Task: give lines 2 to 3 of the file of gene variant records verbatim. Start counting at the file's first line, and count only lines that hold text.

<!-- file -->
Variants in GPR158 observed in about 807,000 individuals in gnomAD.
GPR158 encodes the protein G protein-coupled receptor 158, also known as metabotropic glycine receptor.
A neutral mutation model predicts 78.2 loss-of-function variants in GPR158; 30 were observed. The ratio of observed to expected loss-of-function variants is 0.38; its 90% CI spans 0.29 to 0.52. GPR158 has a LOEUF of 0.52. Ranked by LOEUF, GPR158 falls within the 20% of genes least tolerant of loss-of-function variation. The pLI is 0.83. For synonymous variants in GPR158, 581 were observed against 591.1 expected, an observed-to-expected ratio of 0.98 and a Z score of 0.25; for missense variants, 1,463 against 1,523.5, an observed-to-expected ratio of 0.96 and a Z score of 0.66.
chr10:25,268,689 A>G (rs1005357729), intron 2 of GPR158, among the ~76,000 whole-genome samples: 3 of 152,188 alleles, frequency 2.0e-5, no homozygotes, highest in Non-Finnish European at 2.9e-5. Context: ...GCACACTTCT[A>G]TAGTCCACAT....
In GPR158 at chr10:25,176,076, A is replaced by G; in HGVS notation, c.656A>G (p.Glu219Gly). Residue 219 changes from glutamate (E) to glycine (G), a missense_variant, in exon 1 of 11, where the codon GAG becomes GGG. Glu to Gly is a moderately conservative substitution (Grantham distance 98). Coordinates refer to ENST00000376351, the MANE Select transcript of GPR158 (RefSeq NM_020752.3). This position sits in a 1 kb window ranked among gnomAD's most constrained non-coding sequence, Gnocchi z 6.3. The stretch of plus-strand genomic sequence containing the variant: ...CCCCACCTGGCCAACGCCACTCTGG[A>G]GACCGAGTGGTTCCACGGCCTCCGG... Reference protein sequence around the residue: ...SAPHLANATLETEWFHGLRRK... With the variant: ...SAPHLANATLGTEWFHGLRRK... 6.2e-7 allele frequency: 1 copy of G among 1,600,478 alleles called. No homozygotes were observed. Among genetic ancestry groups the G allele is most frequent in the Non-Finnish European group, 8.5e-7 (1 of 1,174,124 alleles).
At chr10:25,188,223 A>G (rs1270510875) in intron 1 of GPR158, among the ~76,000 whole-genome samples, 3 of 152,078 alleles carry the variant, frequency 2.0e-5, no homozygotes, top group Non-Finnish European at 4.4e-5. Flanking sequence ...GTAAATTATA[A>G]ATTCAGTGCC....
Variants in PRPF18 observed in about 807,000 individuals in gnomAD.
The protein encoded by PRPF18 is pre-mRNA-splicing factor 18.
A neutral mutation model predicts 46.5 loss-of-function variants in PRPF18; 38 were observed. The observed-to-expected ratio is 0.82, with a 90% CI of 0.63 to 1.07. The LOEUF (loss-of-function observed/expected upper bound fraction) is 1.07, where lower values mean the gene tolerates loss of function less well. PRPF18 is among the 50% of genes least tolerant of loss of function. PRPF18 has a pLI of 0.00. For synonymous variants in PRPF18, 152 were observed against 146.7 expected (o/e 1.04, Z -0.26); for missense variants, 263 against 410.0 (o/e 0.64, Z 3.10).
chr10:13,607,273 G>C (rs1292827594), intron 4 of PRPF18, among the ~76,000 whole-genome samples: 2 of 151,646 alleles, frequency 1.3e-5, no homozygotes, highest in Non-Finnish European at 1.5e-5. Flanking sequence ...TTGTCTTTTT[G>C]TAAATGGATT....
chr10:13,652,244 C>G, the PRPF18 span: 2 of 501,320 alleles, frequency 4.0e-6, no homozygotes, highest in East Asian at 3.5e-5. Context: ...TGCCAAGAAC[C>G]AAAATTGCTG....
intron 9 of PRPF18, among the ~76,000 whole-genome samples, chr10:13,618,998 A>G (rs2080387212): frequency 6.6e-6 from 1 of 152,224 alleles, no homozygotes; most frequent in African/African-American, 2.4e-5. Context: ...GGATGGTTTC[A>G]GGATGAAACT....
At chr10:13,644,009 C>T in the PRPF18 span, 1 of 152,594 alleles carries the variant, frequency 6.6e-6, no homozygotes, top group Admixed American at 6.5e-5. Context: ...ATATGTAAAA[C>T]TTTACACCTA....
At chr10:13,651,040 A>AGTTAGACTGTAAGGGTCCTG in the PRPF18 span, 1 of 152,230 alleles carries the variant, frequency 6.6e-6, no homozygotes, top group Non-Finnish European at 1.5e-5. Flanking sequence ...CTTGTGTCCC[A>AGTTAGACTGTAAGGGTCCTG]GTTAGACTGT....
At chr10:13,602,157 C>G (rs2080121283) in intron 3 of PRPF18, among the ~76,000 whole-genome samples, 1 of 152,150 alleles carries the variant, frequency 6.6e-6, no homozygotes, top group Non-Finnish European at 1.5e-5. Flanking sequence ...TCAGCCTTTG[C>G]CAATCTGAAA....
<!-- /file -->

GPR158 encodes the protein G protein-coupled receptor 158, also known as metabotropic glycine receptor.
A neutral mutation model predicts 78.2 loss-of-function variants in GPR158; 30 were observed. The ratio of observed to expected loss-of-function variants is 0.38; its 90% CI spans 0.29 to 0.52. GPR158 has a LOEUF of 0.52. Ranked by LOEUF, GPR158 falls within the 20% of genes least tolerant of loss-of-function variation. The pLI is 0.83. For synonymous variants in GPR158, 581 were observed against 591.1 expected, an observed-to-expected ratio of 0.98 and a Z score of 0.25; for missense variants, 1,463 against 1,523.5, an observed-to-expected ratio of 0.96 and a Z score of 0.66.